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Men-only program in Texas seeks to eliminate distractions

May 9, 2014
by Gary A. Enos, Editor
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Addiction treatment can be hard work, and at the Anchor West long-term residential program in Austin, Texas, the act of going to treatment each day resembles work. Program director Dennis McCarty, MA, LCDC, believes a strength of the male-only program involves its separation of the residential facility from the treatment site where patients attend groups and receive other clinical services.

“We have a hybrid model,” says McCarty. “Our young men have a routine just like you and me in going to work every day. At the end of the day when they return to where they live, they can have some detachment from it, but not too much.”

Anchor West is a program of The Arbor treatment organization based in Georgetown, Texas. It has 21 beds and serves largely a young adult population (McCarty says that at present the average age in the patient population stands at around 27). The program's establishment spoke to the need for highly structured treatment for men who are generally from a middle-class background. A typical 90-day stay in treatment costs $24,500, with Anchor West receiving some insurance reimbursement along with private pay.

Removing a hindrance

Not only does the Anchor West program create a gender-specific environment for young men, it also prohibits its patients from having any contact with women outside the campus.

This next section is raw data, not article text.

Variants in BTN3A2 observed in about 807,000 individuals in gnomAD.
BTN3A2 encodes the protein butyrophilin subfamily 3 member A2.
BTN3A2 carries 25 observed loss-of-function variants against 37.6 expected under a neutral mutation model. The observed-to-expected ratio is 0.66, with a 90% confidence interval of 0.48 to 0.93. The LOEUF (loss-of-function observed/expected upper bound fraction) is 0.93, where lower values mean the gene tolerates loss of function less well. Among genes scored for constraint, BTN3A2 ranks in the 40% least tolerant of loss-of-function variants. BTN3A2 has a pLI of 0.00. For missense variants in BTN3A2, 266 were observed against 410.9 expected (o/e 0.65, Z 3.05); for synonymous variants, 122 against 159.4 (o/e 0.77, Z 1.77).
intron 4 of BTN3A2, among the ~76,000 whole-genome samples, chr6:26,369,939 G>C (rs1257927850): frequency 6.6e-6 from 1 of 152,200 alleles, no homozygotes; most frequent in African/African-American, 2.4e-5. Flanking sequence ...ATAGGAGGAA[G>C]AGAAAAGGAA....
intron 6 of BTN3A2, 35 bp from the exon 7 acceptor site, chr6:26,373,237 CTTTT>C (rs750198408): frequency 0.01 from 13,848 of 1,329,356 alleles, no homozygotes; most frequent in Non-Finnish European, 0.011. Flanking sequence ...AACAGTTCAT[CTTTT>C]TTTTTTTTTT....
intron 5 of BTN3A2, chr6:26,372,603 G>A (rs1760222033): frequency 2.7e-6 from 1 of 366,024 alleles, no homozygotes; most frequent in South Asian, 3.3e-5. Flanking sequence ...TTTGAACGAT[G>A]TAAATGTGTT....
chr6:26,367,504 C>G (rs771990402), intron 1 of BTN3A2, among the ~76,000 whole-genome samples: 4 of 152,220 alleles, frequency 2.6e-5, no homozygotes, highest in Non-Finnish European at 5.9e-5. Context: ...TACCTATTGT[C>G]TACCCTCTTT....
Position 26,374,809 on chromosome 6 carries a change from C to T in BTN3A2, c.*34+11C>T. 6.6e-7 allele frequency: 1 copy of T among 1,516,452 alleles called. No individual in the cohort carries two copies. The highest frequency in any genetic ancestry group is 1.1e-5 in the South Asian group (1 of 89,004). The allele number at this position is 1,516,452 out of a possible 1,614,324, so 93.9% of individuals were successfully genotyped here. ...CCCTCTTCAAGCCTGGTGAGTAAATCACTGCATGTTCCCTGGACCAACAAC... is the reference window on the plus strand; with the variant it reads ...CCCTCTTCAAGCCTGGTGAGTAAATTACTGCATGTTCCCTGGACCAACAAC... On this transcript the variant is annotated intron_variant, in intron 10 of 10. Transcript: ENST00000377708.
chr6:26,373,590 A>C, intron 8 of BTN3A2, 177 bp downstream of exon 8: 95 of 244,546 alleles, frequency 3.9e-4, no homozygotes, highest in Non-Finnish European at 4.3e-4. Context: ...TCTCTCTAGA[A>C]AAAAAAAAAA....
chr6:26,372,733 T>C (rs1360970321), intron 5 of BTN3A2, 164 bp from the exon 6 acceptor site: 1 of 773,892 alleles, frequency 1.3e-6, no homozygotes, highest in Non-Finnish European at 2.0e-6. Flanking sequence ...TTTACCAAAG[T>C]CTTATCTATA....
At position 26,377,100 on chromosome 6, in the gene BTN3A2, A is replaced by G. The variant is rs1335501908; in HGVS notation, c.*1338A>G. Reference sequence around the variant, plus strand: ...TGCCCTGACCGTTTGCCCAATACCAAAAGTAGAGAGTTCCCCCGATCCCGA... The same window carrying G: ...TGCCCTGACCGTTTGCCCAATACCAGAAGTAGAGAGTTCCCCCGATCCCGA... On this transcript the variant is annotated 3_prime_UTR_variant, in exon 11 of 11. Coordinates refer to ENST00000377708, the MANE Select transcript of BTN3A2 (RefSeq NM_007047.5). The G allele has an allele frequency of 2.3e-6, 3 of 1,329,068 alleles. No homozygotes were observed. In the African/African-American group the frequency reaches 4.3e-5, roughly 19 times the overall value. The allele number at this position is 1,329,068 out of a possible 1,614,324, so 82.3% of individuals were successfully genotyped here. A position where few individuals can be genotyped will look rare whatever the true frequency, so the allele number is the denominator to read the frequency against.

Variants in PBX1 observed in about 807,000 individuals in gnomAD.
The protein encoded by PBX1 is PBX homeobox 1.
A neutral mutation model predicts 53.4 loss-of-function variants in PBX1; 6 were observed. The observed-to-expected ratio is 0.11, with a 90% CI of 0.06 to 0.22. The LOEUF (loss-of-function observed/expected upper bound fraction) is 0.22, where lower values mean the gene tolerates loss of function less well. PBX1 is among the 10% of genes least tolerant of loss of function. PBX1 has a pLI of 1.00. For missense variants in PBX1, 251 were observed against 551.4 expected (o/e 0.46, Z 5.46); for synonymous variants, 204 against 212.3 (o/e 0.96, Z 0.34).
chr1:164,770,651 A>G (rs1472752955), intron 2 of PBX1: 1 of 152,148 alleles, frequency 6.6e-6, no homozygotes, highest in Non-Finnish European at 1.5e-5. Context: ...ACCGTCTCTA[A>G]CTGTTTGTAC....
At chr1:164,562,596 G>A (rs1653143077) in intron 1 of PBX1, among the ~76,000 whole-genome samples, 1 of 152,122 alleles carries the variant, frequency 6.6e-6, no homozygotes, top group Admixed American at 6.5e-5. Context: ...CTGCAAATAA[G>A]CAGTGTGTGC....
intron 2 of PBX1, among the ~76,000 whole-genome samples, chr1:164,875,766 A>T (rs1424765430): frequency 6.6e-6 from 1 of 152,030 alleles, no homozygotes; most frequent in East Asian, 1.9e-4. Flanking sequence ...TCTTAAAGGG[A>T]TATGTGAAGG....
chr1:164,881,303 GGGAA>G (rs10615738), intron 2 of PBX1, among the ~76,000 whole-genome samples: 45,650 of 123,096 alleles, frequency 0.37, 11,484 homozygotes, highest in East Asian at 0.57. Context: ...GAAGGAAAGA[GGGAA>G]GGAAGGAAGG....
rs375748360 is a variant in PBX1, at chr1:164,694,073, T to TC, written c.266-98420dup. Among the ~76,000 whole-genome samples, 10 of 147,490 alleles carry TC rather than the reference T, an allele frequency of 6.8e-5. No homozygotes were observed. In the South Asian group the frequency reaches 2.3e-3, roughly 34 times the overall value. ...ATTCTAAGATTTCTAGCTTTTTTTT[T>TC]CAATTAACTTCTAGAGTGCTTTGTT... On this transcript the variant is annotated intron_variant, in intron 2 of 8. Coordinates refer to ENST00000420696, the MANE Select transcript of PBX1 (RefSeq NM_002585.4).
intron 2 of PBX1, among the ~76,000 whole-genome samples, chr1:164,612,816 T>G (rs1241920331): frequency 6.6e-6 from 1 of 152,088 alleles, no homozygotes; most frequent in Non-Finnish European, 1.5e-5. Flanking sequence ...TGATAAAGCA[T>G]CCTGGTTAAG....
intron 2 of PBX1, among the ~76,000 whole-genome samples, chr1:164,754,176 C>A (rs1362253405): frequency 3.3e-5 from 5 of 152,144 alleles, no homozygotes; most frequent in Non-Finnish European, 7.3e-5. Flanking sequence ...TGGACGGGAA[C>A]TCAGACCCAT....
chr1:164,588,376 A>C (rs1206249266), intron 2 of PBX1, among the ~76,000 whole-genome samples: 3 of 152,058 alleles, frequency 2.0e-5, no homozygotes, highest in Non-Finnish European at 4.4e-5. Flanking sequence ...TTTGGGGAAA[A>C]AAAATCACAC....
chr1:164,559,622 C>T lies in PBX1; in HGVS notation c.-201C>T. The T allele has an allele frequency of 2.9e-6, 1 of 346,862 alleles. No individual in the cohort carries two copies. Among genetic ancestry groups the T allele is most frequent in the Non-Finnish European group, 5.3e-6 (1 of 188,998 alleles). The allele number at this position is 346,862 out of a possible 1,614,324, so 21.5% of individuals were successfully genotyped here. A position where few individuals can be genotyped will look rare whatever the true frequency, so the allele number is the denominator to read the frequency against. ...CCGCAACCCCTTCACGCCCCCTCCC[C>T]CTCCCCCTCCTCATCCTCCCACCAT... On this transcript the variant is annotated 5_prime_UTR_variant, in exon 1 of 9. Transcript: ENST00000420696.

“At the outside meetings they attend, our guys are not even allowed to talk to women,” he says. “If a woman tries to engage one of our guys in a conversation, he's instructed to say, 'I'm in a treatment program and I'm not allowed to talk to women.'”

This allows the patient in treatment to begin building a healthier relationship with himself before working on relationships with others, McCarty says. However, if the patient is in a relationship when he arrives in treatment, his girlfriend may visit the facility one Sunday per month. Patients also are not allowed to use computers or cellphones while in treatment, and have limited access to a land-line telephone and television.

McCarty says that once substances are removed from the young adult male's environment, he usually will pursue women next, and that of course would include other patients if he resided in a coed program. “These guys are always looking for the next way to seek pleasure,” he says.

“What we do just removes most of the distractions,” McCarty adds. “The guys will tell you this too, after they've been here for a while. They just don't need that hindrance.”

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